What you will learn by listening:

  • If you’re having the same issues over and over, what’s the common denominator?
  • How to speak to a client who just doesn’t speak your language
  • When to take yourself out of the equation
  • No one reads anymore: how to get your clients to stop asking questions you’ve already answered

You can listen to the conference live, or you can download to listen later.  The speaker line up is awesome, I can’t wait to tune in for a bunch of them.   Hope to see you there!

 

P.S Speaking of my friend Joy, she’s starting a new course called “3 Weeks to Pricing Perfection” soon.   If you want a freebie preview of what a freaking Numbers Nerd Genius she is, download her free Pricing for Profit ebook.   More information on her 3 Weeks to Pricing Perfection coming soon!

 

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This past blisteringly cold Saturday while I was enjoying the fact that I did not have a wedding, this email came in:

Hey Kim,

You did our pics almost 10 years ago. Wouldn’t you know that I wait until now to use the CDs to create a 10 year anniversary book for hubby that I find the online company sent us the wrong CD. The CD’s are labeled correctly but the pics are definitely someone else. I guess shame on me that I never looked at the pics but I am pretty sure you have no images from that far back now?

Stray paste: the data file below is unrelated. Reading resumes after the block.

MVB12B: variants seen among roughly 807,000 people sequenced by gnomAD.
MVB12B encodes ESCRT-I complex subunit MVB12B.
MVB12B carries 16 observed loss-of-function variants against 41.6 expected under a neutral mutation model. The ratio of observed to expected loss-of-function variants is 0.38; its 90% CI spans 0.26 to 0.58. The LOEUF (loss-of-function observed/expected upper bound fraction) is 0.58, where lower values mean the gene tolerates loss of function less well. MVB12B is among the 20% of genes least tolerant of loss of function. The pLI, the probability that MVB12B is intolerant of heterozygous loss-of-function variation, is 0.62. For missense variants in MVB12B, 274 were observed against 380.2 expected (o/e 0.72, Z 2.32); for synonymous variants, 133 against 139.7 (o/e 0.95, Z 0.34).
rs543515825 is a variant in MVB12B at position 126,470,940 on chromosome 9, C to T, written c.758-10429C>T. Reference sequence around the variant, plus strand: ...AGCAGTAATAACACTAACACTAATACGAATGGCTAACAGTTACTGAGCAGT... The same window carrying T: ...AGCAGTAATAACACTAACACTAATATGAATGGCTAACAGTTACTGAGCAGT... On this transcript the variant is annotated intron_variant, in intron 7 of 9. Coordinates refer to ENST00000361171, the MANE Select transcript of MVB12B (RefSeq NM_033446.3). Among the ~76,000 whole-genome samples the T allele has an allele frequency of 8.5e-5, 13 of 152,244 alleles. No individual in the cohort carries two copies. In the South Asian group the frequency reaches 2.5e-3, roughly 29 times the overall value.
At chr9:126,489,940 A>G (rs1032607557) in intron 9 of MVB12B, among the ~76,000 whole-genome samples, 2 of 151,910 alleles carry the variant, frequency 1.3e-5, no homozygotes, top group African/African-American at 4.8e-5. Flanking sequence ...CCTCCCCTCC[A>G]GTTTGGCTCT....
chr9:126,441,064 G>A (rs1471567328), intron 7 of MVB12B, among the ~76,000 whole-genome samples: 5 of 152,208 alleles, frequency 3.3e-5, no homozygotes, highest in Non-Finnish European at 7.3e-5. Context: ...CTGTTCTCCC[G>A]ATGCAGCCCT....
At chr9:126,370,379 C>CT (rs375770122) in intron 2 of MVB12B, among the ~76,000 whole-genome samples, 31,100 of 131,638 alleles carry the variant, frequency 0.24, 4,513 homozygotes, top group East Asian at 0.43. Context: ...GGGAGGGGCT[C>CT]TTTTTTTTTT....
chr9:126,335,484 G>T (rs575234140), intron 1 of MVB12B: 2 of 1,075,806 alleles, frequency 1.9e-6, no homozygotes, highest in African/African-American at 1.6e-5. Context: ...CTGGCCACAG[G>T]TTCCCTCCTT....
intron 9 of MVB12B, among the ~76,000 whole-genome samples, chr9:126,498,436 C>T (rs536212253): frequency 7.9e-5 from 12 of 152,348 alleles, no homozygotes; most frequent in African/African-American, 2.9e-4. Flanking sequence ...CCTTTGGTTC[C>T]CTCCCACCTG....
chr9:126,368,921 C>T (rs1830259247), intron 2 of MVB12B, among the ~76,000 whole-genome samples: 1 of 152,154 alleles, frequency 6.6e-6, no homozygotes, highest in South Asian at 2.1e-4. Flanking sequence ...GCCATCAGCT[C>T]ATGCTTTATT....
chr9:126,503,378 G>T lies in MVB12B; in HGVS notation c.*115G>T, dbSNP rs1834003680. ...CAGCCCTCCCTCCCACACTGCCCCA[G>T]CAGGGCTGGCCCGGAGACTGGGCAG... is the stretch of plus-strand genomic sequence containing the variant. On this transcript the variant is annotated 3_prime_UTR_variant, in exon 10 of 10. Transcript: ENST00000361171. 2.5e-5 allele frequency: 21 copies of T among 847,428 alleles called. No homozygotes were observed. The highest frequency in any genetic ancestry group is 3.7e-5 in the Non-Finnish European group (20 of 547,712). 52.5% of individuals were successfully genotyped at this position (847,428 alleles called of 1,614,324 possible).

Thought I would drop you a note, hoping you or the online company might have them?”

As I stumbled down into my basement to my “archives” thoughts raced through my wedding photographer brain

“10 years.  WTF.  She didn’t even LOOK at the photos for TEN YEARS? ”
“I hope my contract was solid back then…did I have an archiving clause?”
“If I don’t have them, too bad for her…10 motherfreaking years, what does she expect”
“Seriously she didn’t LOOK at them for 10 years, were they that bad?”
But mostly…over and over…

 

“ohmygodohmygodohmygod I hope I have them, I hope I have them, ohmygodohmygodohmygod”

 

 

By the time I reached the Rubbermaid bin that holds The Ghosts of Weddings Past, I was sweating despite the -7 windchill outside.  My heart raced as I flipped through the CD’s of names I barely recalled.

I had them.